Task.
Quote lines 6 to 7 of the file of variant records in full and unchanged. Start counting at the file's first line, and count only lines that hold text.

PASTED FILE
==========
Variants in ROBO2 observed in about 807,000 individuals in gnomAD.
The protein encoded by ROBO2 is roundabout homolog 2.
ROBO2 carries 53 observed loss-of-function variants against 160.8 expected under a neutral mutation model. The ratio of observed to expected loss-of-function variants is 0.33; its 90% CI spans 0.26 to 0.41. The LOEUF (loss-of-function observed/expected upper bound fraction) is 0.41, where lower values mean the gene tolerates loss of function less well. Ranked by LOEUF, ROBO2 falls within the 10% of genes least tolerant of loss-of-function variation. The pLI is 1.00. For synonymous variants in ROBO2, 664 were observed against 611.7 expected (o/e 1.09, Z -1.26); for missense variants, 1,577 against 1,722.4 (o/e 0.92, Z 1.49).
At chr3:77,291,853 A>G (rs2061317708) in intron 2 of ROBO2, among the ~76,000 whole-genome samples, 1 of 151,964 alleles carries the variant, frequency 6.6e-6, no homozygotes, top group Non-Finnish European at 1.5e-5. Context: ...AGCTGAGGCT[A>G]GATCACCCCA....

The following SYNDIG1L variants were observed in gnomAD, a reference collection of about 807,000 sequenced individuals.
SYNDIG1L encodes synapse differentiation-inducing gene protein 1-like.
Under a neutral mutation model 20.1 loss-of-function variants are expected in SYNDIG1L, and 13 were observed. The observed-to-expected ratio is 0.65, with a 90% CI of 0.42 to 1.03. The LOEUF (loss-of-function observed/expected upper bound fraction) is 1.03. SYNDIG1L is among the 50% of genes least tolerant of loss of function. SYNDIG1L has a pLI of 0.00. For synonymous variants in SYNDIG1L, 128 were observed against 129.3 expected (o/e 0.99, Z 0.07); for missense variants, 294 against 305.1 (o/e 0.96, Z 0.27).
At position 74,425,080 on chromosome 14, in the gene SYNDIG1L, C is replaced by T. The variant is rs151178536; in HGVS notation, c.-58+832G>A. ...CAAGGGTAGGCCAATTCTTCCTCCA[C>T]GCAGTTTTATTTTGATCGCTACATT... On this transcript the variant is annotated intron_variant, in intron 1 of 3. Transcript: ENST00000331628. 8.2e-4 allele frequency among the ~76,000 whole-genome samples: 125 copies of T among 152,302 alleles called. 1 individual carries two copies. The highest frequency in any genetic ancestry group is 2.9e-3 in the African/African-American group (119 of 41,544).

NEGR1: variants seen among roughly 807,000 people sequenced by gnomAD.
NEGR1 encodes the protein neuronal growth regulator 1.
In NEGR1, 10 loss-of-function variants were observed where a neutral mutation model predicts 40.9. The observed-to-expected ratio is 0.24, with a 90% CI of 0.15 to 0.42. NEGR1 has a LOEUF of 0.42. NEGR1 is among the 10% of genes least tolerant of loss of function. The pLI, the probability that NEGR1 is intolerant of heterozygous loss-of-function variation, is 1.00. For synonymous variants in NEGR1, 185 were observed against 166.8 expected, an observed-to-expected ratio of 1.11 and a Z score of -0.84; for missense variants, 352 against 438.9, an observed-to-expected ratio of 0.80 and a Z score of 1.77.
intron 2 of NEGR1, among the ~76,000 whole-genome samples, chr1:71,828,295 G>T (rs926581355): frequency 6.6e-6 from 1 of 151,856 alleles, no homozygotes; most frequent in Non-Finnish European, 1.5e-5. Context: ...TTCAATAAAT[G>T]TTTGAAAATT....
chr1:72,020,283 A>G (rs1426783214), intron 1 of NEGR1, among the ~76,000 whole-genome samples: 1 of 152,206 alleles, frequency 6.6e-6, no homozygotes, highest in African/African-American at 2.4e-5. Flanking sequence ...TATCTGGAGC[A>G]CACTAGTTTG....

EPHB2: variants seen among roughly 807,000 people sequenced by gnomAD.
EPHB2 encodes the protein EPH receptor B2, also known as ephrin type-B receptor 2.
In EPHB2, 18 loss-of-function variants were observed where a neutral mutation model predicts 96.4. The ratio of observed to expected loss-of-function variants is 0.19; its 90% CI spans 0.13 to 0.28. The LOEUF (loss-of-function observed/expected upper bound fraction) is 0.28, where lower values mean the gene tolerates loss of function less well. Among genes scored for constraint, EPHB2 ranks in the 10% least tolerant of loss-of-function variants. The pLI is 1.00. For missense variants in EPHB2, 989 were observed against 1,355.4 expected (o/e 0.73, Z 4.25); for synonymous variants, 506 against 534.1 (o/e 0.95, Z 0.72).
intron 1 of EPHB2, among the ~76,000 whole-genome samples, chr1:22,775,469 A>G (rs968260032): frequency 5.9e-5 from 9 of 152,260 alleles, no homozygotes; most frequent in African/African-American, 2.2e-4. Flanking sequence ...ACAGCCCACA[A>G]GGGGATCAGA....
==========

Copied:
SYNDIG1L encodes synapse differentiation-inducing gene protein 1-like.
Under a neutral mutation model 20.1 loss-of-function variants are expected in SYNDIG1L, and 13 were observed. The observed-to-expected ratio is 0.65, with a 90% CI of 0.42 to 1.03. The LOEUF (loss-of-function observed/expected upper bound fraction) is 1.03. SYNDIG1L is among the 50% of genes least tolerant of loss of function. SYNDIG1L has a pLI of 0.00. For synonymous variants in SYNDIG1L, 128 were observed against 129.3 expected (o/e 0.99, Z 0.07); for missense variants, 294 against 305.1 (o/e 0.96, Z 0.27).